Michael: I'm struck by this as well. So, on the one hand, we'll admit, is you were ladling it off like chief... I think the layers are chief planning officer, managing director, director, strategist, senior analyst, analyst associate. There's a part of me that sort of has this gut reaction like, "That's a lot of layers. That's a lot of steps and stuff to manage and just layers of organization and communication." But then I'm struck from the other side that it's 75 people and growing. Just that's what starts to happen. Otherwise, leaders end out with too many direct reports and can't effectively manage and develop their people. And as you've noted for folks within the organization that want to grow their careers, as much as the industry talks a lot about career tracks, I think part of what this highlights well is you kind of need a certain size and just mass of organization and people and different roles and different levels of roles to really be able to flesh out a full breadth of career tracks because just there has to be a certain number of seats on the bus before people can actually craft their own path through the seats. Otherwise, you don't have enough roles for the people to path through.
And it seems like you're really now going through that transition and having the layers of...yes, it's a lot of layers but this is also how we actually have true career paths with multiple journeys to fit whatever a particular person wants to do in their career.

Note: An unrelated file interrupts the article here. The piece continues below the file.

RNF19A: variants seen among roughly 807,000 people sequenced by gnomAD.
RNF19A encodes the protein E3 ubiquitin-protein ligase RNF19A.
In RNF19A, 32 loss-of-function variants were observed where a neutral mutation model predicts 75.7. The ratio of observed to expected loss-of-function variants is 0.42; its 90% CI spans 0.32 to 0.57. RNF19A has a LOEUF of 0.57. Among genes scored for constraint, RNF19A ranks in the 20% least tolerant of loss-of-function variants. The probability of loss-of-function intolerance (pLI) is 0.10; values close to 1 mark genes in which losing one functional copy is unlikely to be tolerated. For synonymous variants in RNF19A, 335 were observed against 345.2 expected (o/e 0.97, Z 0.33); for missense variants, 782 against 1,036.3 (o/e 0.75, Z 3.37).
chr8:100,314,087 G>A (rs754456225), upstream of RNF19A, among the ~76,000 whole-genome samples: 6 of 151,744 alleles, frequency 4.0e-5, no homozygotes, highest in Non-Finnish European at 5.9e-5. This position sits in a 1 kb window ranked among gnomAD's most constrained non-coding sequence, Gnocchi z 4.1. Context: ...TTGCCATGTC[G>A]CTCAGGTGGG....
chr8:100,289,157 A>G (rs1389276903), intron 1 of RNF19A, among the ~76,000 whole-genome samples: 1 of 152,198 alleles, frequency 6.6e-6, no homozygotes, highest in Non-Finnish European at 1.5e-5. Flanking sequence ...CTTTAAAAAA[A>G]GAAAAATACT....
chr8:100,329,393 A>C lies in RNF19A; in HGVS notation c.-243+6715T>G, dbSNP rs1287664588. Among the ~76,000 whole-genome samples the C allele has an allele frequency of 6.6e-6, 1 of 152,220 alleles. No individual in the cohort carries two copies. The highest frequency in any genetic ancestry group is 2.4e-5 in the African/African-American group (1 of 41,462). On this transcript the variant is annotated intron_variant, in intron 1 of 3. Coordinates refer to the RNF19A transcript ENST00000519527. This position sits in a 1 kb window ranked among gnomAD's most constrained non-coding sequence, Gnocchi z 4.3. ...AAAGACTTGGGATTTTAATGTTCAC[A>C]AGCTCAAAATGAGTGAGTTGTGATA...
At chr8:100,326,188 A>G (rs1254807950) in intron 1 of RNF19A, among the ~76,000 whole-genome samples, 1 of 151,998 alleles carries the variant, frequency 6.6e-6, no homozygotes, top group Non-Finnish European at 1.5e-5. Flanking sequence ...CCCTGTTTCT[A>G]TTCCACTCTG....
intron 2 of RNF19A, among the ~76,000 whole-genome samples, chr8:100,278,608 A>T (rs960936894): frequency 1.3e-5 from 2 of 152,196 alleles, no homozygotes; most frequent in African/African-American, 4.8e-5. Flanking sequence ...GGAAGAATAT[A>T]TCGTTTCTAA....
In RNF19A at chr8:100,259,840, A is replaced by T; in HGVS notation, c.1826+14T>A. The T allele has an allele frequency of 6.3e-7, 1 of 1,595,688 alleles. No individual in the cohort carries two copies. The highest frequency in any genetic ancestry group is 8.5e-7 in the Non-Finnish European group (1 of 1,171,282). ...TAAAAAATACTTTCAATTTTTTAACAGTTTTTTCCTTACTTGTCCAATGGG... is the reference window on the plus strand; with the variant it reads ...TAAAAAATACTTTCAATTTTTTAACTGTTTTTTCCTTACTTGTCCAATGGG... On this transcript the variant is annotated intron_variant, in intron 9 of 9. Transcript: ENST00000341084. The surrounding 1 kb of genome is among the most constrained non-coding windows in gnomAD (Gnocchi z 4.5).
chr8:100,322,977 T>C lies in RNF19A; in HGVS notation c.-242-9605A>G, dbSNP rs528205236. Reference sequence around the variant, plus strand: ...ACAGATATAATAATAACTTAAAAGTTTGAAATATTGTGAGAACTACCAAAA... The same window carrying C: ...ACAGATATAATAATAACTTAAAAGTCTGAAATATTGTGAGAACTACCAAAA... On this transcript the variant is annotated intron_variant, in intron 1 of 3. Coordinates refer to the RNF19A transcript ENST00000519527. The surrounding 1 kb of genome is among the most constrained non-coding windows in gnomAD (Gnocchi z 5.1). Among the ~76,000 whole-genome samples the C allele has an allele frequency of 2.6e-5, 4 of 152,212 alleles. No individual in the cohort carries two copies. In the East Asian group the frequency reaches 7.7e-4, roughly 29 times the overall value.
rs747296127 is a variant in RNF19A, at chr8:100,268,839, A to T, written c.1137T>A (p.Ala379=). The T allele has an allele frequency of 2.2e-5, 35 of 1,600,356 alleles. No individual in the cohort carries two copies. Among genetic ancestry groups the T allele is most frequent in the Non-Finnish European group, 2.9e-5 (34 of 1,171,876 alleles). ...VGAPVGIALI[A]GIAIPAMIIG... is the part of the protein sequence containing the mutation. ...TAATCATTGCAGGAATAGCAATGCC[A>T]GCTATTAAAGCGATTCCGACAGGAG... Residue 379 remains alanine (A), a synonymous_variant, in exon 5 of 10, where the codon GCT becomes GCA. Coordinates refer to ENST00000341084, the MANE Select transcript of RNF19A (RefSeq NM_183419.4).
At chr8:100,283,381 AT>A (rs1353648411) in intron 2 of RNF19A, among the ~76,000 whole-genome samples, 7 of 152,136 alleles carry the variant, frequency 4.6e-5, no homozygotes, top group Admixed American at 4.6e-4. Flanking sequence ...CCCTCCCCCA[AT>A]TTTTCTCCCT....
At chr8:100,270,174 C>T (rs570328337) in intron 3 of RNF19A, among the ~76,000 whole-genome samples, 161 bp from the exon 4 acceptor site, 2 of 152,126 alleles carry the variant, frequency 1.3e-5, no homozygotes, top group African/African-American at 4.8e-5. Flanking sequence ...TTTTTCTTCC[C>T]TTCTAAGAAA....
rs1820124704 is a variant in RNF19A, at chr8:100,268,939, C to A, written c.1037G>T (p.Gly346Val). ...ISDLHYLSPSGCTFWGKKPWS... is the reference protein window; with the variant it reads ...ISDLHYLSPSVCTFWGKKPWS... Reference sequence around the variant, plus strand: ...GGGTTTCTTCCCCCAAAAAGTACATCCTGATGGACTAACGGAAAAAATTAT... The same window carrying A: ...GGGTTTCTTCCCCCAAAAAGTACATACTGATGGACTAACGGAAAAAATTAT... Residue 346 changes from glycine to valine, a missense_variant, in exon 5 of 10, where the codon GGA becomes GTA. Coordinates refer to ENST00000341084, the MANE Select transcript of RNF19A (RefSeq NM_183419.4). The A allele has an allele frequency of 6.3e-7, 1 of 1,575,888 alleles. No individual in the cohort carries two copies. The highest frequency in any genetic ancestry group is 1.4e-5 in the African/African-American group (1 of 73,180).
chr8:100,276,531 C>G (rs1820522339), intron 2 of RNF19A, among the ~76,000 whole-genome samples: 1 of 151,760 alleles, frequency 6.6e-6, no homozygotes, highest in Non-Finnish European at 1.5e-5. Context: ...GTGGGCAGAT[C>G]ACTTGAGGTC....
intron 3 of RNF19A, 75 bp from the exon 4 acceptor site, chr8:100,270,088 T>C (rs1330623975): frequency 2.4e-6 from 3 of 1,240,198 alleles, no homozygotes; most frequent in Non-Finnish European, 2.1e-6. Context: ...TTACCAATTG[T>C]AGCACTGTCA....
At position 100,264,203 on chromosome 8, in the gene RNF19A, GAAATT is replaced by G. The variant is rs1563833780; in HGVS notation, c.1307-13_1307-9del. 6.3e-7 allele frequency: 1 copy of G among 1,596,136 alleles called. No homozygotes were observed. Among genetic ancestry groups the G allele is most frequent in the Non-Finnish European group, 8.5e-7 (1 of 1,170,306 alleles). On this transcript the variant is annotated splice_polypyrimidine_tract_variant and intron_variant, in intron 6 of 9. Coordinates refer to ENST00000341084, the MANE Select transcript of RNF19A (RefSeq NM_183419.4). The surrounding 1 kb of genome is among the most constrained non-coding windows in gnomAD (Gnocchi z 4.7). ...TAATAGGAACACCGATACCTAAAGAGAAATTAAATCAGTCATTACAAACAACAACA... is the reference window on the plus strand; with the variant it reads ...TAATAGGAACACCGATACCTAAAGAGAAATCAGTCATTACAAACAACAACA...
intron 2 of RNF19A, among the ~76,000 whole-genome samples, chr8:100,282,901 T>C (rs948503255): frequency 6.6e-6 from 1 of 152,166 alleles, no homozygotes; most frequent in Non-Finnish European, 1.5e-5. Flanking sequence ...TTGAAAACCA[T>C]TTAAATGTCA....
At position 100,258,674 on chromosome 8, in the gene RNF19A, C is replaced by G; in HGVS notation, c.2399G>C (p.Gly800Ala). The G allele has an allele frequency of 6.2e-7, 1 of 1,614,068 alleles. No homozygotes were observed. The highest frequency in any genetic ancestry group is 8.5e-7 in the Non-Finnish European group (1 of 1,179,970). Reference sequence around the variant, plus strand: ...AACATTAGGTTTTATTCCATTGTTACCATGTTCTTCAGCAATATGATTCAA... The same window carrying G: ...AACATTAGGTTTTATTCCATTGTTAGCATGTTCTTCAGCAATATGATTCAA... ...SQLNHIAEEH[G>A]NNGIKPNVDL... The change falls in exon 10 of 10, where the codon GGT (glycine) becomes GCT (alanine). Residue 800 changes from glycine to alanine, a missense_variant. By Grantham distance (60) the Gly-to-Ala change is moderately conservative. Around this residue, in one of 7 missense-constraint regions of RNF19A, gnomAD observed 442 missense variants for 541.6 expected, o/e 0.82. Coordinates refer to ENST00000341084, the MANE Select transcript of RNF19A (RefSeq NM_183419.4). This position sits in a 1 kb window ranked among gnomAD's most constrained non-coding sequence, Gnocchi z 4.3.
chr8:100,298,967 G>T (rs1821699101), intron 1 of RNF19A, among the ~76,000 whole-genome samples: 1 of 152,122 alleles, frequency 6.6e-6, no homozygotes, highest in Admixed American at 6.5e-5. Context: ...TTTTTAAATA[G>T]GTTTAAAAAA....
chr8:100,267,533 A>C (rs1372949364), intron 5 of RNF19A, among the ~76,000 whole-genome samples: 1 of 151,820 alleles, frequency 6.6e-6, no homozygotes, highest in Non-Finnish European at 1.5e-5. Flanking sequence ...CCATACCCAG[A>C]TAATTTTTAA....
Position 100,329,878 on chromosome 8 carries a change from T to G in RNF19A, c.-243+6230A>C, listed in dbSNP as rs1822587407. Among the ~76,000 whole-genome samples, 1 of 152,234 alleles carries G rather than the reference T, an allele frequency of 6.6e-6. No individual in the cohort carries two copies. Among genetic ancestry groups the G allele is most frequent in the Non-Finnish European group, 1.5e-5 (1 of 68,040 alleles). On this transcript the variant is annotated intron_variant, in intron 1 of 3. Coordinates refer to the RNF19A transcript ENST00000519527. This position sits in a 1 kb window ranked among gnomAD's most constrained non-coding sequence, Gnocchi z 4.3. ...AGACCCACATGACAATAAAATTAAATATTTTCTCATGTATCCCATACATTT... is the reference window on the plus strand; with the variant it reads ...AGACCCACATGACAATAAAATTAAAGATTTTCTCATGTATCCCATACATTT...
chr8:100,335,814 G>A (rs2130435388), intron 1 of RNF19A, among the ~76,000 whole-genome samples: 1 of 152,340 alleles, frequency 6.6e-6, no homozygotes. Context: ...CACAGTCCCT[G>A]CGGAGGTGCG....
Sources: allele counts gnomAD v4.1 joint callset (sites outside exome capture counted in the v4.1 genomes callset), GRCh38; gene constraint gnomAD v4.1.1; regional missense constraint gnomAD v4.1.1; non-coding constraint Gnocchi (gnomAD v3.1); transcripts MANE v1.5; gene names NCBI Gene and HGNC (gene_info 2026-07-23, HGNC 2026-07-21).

Ali: Yeah, I completely agree with that. And I'll give you an example with the strategist role. The strategist role was newly created in 2022 and came from a gap that we were hearing from our staff. Because in the previous hierarchy, you went from a senior analyst up to a director. And that jump generally speaking meant that you had to manage clients and you had to manage people because the role of a director manages clients and manages people. And so, we had people coming to us saying, "Well, if I don't want to manage clients and I don't want to manage people, where am I going to go? Because I'm in the senior analyst role right now, and I want to stay here and I want to advance my career and I want to grow my income, but the only next seat on the bus is director and I don't want to do that."